Business went on as usual at the post card pavilion. Briskly. Catapoochi made sure of that. His photography skills were far superior to those of the other cats of Catatanga. His network of outlets gave him economies of scale that his competitors could not even dream of achieving. Now, the Annual Festival of Uncertainty had arrived. It was the biggest event of the cats’ year, and Catapoochi had every intention of using the opportunity to build up his retirement nest-egg.

Likewise, Catakowie of the sausage pavilion was doing a brisk trade. The aromas of spicy mustard and fresh hot rolls mingled with that of the meat to attract yet more customers. Tangablu had his nephew out in front of the beach paraphernalia stand, demonstrating the latest styles of sunglasses  and umbrellas. The Temple of Catachristus had a long line of devotees waiting to pray their respects.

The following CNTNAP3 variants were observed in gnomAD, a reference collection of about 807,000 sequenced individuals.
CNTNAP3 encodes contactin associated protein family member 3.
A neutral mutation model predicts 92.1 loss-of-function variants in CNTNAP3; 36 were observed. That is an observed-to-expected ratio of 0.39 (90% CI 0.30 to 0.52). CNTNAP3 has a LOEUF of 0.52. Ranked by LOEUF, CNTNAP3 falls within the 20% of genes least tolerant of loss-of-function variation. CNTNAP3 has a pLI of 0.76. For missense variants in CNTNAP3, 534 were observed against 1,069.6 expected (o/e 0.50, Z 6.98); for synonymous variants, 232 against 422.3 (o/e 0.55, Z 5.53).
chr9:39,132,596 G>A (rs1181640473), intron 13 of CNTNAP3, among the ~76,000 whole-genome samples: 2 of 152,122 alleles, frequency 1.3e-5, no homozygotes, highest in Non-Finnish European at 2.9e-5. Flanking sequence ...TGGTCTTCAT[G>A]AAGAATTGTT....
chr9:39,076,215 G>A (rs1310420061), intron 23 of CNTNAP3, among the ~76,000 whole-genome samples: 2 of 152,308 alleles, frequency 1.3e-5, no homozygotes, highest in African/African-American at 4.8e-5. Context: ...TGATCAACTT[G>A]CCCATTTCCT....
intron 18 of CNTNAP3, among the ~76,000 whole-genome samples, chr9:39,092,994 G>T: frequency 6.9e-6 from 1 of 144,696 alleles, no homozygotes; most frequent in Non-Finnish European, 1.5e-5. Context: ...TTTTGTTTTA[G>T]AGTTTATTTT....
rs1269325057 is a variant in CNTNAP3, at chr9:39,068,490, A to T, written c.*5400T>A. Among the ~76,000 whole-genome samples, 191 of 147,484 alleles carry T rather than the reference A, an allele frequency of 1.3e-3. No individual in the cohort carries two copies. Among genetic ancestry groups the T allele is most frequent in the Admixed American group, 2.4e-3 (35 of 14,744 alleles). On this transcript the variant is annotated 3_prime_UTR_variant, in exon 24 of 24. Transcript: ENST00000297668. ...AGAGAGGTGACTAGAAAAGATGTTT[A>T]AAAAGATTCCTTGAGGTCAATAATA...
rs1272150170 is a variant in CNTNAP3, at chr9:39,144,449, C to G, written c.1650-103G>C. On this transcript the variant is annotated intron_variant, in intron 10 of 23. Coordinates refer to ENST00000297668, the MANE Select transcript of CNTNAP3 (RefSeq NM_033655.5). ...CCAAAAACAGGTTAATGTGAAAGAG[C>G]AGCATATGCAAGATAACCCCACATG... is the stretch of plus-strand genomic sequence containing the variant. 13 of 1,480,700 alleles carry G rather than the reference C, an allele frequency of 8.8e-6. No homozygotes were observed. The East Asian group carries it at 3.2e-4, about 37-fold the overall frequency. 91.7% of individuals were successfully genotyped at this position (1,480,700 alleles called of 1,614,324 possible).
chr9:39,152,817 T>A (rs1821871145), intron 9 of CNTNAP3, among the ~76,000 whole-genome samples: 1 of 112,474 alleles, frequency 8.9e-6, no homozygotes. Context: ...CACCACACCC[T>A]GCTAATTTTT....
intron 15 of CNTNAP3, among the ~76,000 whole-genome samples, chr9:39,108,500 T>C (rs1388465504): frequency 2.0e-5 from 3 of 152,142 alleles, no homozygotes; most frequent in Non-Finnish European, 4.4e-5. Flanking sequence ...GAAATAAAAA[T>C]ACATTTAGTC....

Catapoochie looked at his pocket watch. Time to head back and make sure that Junior was keeping up with the customers. One last place to check along the way: The Cupcake Pagoda.

Catapoochi stopped and stared, along with those being pushed out of the way, as the Cupcake Pagoda expanded and bright lights flashed along the edges of both roofs. The pagoda floated off the ground. The last customers were being pushed off the floor, which was now several meters above the ground. Fortunately, the unlucky customers were encased in transparent foam bubbles, so they bounced gently as they landed on the hard planet. “Indeed!” thought Catapoochi. “Strange times at the Cupcake Pagoda!”

Good thing he had his new camera. There weren’t many who’d be able to compete with him for this postcard. Catapoochi clicked one last shot, and rushed back to relieve Junior, so his son, too, could see the miracle of the Cupcake Pagoda, with his own eyes, before it left the atmosphere of Catatanga, perhaps for good.